Now, the agent v clause, which you find in most agent-negotiated publishing contracts, now says things like:
The Author hereby appoints Agent A irrevocably as the Agent in all matters pertaining to or arising from this Agreement…Such Agent is hereby fully empowered to act on behalf of the Author in all matters in any way arising out of this Agreement…All sums of money due to the Author under this Agreement shall be paid to and in the name of said Agent…The Author does also irrevocably assign and transfer to Agent A, as an agency coupled with an interest, and Agent A shall retain a sum equal to fifteen percent (15%) of all gross monies due and payable to the account of the Author under this Agreement.”
Authors blithely sign this stuff. I refused, and cut things like “full empowered” and “agency coupled with an interest” from my contracts. I authorized payment only. A few of my former agents balked; I fired them.
Why? First of all, I’m not assigning anyone anything “irrevocably”—certainly not someone I can fire for cause. Especially if my money goes through their account first. I will not “fully empower” anyone to act for me. (Some agents go so far as demanding legal power of attorney—which is something you should never give anyone. What that means is that they then have the right to be you in all legal matters. No. Do not give legal power of attorney to anyone without good cause—like you’re dying and need someone to handle your accounts (and even then, it might not be a good idea).)
Finally let’s discuss “agency coupled with an interest.” What that means is this: You are giving the agent ownership in your novel. Ownership. They now have a 15% ownership of your book.
Technically, a two-party contract cannot hold one party to third-party terms. In other words, if you and Publisher K have a contract, it cannot bind you to do things for Agent A, because Agent A did not sign the contract.
Still, what’s to stop Agent A from trying this? A lot of agents are doing it, and backing it up with a separate agent-writer contract, which I’ll touch on in a moment. Without that agent-writer contract, these clauses should not hold up in court. (But see the comments section on last week’s post about the ways that things that “should not hold up in court” often do hold up after all, depending on the jurisdiction the court is in.)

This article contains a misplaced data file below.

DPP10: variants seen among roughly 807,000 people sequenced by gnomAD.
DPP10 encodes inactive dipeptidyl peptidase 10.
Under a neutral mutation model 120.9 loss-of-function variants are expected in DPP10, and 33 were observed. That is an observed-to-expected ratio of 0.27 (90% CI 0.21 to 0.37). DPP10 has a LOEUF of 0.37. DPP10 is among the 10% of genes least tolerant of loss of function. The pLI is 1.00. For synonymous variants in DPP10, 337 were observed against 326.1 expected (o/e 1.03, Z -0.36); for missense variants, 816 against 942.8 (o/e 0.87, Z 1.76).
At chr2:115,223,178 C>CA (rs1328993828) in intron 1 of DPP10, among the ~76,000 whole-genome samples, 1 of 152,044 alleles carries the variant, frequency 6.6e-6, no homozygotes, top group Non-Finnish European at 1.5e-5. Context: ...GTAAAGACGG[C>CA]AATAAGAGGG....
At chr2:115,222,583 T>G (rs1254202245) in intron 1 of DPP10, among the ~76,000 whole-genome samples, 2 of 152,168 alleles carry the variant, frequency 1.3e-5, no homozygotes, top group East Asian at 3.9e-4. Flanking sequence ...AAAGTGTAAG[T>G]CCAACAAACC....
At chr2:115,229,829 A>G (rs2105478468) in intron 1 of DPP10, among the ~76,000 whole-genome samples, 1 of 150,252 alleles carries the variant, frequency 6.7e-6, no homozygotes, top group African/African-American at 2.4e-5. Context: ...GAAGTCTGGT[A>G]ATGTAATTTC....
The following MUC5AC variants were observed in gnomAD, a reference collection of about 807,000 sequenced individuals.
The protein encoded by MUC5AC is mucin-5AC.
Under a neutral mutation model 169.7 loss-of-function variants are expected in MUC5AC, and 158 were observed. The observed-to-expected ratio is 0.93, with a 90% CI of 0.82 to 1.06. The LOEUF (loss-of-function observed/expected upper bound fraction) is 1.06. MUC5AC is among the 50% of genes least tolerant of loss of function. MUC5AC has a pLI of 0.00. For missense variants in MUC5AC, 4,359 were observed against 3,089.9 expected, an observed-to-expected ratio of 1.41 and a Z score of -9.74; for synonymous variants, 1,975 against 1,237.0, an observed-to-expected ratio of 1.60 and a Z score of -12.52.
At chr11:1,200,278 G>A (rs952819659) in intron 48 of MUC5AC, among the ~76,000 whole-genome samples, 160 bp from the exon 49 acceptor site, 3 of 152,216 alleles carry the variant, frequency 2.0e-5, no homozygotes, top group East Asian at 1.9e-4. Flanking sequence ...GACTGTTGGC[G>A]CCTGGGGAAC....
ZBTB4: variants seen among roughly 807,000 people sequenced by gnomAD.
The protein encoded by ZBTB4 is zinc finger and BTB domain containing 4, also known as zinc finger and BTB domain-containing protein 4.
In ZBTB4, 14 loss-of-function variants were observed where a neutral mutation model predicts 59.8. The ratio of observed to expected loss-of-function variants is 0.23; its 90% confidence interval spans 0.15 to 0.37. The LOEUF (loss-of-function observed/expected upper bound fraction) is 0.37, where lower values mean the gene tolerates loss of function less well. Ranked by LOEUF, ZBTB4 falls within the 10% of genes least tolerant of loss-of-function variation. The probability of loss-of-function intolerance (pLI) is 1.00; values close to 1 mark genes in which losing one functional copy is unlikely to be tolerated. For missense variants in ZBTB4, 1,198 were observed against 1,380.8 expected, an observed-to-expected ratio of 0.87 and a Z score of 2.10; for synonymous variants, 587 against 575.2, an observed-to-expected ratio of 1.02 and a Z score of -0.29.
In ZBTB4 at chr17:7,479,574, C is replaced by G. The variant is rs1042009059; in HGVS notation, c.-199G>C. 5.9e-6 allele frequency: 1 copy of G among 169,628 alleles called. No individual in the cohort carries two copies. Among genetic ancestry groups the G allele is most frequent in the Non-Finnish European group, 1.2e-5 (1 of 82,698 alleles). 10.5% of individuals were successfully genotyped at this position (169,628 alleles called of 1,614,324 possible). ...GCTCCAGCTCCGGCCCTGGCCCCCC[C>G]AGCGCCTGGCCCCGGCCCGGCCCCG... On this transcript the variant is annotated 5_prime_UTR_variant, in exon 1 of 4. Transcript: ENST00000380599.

In the past year, two examples held up my non-lawyerly reading of these clauses. First, the Ralph Vicinanza agency tried to sue its writers under this clause. Ralph, who ran the business for decades, died suddenly, leaving his agency to heirs who had no idea how the publishing industry worked. However, they wanted their money, and they threatened to sue authors who wouldn’t work with them.
A lot of negotiation happened, and a lot of behind-the-scenes maneuvering, which took nearly a year before everyone settled out of court. Writers lost entire books in time trying to hang onto their own income and reserve the right to hire an agent who actually knew what he was doing, instead of some relatives who had no idea what an agent was before their family member died.
That’s but one example. The other, more important one, is an actual court case: Peter Lampack Agency v. Grimes et.al.
In 1996, Martha Grimes hired the Peter Lampack Agency (PLA) to represent her works. For those of you who don’t know, she’s a New York Times bestseller and a Grand Master in the mystery field.
In 2007, she fired PLA. At the time, she had a four-book contract with Penguin. That contract had an option on a book called The Black Cat. Grimes eventually sold The Black Cat to Penguin through another agent, and PLA sued, claiming—under the agency clause—that it had rights to any work deriving from that original contract.
Long story short, the case made it to New York court. The court decided that the agency clause only entitled PLA a 15% interest in the four-books named in the original contract, not in The Black Cat.
A victory, yes, but a minor one. Because Grimes fired PLA, and still has to deal with them to this day on books still in print. Also, this victory—so far—only applies in the State of New York. It hasn’t been tested elsewhere.